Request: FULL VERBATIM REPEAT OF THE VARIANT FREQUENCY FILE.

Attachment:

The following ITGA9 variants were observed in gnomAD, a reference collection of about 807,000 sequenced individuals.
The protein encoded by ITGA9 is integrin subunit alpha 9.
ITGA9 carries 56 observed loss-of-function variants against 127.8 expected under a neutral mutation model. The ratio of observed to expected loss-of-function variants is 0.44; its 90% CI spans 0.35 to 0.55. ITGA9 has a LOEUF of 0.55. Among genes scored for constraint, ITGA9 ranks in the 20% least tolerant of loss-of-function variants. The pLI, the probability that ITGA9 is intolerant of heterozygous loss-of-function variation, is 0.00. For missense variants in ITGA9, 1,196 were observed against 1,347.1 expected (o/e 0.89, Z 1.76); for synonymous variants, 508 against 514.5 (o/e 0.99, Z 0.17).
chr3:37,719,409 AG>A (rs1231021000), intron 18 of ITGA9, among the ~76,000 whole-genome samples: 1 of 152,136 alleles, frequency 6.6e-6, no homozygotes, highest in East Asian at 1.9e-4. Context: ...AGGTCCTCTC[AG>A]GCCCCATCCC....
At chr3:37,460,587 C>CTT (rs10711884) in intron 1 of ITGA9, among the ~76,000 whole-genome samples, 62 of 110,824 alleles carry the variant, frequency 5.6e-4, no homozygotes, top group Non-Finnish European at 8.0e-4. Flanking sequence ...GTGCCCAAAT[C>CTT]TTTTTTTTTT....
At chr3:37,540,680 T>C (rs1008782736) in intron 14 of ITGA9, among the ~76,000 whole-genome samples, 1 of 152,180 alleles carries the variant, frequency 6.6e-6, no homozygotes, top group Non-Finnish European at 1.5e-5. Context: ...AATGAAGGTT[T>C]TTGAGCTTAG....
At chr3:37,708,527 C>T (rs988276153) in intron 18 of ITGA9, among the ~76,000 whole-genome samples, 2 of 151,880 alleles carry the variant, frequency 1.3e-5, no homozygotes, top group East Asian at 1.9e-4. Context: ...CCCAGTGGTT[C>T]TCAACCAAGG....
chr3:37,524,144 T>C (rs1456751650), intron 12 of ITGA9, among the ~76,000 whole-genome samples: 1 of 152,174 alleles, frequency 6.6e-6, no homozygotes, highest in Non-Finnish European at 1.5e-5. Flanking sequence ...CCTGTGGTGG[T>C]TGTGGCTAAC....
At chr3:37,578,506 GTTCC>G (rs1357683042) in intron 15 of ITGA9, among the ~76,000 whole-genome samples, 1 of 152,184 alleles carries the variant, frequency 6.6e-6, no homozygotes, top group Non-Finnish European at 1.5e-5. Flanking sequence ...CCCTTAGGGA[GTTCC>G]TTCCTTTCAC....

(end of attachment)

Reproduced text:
The following ITGA9 variants were observed in gnomAD, a reference collection of about 807,000 sequenced individuals.
The protein encoded by ITGA9 is integrin subunit alpha 9.
ITGA9 carries 56 observed loss-of-function variants against 127.8 expected under a neutral mutation model. The ratio of observed to expected loss-of-function variants is 0.44; its 90% CI spans 0.35 to 0.55. ITGA9 has a LOEUF of 0.55. Among genes scored for constraint, ITGA9 ranks in the 20% least tolerant of loss-of-function variants. The pLI, the probability that ITGA9 is intolerant of heterozygous loss-of-function variation, is 0.00. For missense variants in ITGA9, 1,196 were observed against 1,347.1 expected (o/e 0.89, Z 1.76); for synonymous variants, 508 against 514.5 (o/e 0.99, Z 0.17).
chr3:37,719,409 AG>A (rs1231021000), intron 18 of ITGA9, among the ~76,000 whole-genome samples: 1 of 152,136 alleles, frequency 6.6e-6, no homozygotes, highest in East Asian at 1.9e-4. Context: ...AGGTCCTCTC[AG>A]GCCCCATCCC....
At chr3:37,460,587 C>CTT (rs10711884) in intron 1 of ITGA9, among the ~76,000 whole-genome samples, 62 of 110,824 alleles carry the variant, frequency 5.6e-4, no homozygotes, top group Non-Finnish European at 8.0e-4. Flanking sequence ...GTGCCCAAAT[C>CTT]TTTTTTTTTT....
At chr3:37,540,680 T>C (rs1008782736) in intron 14 of ITGA9, among the ~76,000 whole-genome samples, 1 of 152,180 alleles carries the variant, frequency 6.6e-6, no homozygotes, top group Non-Finnish European at 1.5e-5. Context: ...AATGAAGGTT[T>C]TTGAGCTTAG....
At chr3:37,708,527 C>T (rs988276153) in intron 18 of ITGA9, among the ~76,000 whole-genome samples, 2 of 151,880 alleles carry the variant, frequency 1.3e-5, no homozygotes, top group East Asian at 1.9e-4. Context: ...CCCAGTGGTT[C>T]TCAACCAAGG....
chr3:37,524,144 T>C (rs1456751650), intron 12 of ITGA9, among the ~76,000 whole-genome samples: 1 of 152,174 alleles, frequency 6.6e-6, no homozygotes, highest in Non-Finnish European at 1.5e-5. Flanking sequence ...CCTGTGGTGG[T>C]TGTGGCTAAC....
At chr3:37,578,506 GTTCC>G (rs1357683042) in intron 15 of ITGA9, among the ~76,000 whole-genome samples, 1 of 152,184 alleles carries the variant, frequency 6.6e-6, no homozygotes, top group Non-Finnish European at 1.5e-5. Flanking sequence ...CCCTTAGGGA[GTTCC>G]TTCCTTTCAC....